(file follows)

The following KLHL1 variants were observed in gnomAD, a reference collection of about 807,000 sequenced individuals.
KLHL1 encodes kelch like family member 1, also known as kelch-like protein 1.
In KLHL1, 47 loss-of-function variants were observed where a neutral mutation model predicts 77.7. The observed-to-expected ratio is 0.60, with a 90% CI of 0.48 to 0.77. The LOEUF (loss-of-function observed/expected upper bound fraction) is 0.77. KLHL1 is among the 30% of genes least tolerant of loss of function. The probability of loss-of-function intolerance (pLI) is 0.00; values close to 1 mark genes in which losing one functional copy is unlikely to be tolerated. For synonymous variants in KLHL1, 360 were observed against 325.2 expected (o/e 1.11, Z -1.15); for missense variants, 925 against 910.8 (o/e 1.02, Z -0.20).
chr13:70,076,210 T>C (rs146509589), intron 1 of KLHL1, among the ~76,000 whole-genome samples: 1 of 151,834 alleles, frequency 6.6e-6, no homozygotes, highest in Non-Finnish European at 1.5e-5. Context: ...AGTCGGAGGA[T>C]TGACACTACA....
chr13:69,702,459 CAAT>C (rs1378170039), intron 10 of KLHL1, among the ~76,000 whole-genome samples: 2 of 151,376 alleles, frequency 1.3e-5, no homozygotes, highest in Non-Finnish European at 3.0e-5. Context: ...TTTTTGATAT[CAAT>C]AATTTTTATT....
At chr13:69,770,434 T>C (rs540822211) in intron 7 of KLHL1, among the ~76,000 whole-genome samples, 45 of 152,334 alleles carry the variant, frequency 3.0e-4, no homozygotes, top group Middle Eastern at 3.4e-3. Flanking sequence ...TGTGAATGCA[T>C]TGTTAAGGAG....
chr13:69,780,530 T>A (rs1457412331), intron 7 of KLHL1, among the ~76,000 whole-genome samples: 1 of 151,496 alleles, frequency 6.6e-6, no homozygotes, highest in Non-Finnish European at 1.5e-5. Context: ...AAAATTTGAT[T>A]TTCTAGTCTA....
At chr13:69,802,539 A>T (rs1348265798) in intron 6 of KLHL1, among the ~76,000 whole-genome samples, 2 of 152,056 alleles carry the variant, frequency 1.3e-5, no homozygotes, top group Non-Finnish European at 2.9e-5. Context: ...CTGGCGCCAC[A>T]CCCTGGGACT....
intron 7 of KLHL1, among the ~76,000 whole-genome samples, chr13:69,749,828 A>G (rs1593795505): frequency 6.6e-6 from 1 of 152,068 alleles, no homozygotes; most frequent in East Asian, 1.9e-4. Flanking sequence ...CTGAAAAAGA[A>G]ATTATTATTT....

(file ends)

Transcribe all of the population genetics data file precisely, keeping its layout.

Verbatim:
The following KLHL1 variants were observed in gnomAD, a reference collection of about 807,000 sequenced individuals.
KLHL1 encodes kelch like family member 1, also known as kelch-like protein 1.
In KLHL1, 47 loss-of-function variants were observed where a neutral mutation model predicts 77.7. The observed-to-expected ratio is 0.60, with a 90% CI of 0.48 to 0.77. The LOEUF (loss-of-function observed/expected upper bound fraction) is 0.77. KLHL1 is among the 30% of genes least tolerant of loss of function. The probability of loss-of-function intolerance (pLI) is 0.00; values close to 1 mark genes in which losing one functional copy is unlikely to be tolerated. For synonymous variants in KLHL1, 360 were observed against 325.2 expected (o/e 1.11, Z -1.15); for missense variants, 925 against 910.8 (o/e 1.02, Z -0.20).
chr13:70,076,210 T>C (rs146509589), intron 1 of KLHL1, among the ~76,000 whole-genome samples: 1 of 151,834 alleles, frequency 6.6e-6, no homozygotes, highest in Non-Finnish European at 1.5e-5. Context: ...AGTCGGAGGA[T>C]TGACACTACA....
chr13:69,702,459 CAAT>C (rs1378170039), intron 10 of KLHL1, among the ~76,000 whole-genome samples: 2 of 151,376 alleles, frequency 1.3e-5, no homozygotes, highest in Non-Finnish European at 3.0e-5. Context: ...TTTTTGATAT[CAAT>C]AATTTTTATT....
At chr13:69,770,434 T>C (rs540822211) in intron 7 of KLHL1, among the ~76,000 whole-genome samples, 45 of 152,334 alleles carry the variant, frequency 3.0e-4, no homozygotes, top group Middle Eastern at 3.4e-3. Flanking sequence ...TGTGAATGCA[T>C]TGTTAAGGAG....
chr13:69,780,530 T>A (rs1457412331), intron 7 of KLHL1, among the ~76,000 whole-genome samples: 1 of 151,496 alleles, frequency 6.6e-6, no homozygotes, highest in Non-Finnish European at 1.5e-5. Context: ...AAAATTTGAT[T>A]TTCTAGTCTA....
At chr13:69,802,539 A>T (rs1348265798) in intron 6 of KLHL1, among the ~76,000 whole-genome samples, 2 of 152,056 alleles carry the variant, frequency 1.3e-5, no homozygotes, top group Non-Finnish European at 2.9e-5. Context: ...CTGGCGCCAC[A>T]CCCTGGGACT....
intron 7 of KLHL1, among the ~76,000 whole-genome samples, chr13:69,749,828 A>G (rs1593795505): frequency 6.6e-6 from 1 of 152,068 alleles, no homozygotes; most frequent in East Asian, 1.9e-4. Flanking sequence ...CTGAAAAAGA[A>G]ATTATTATTT....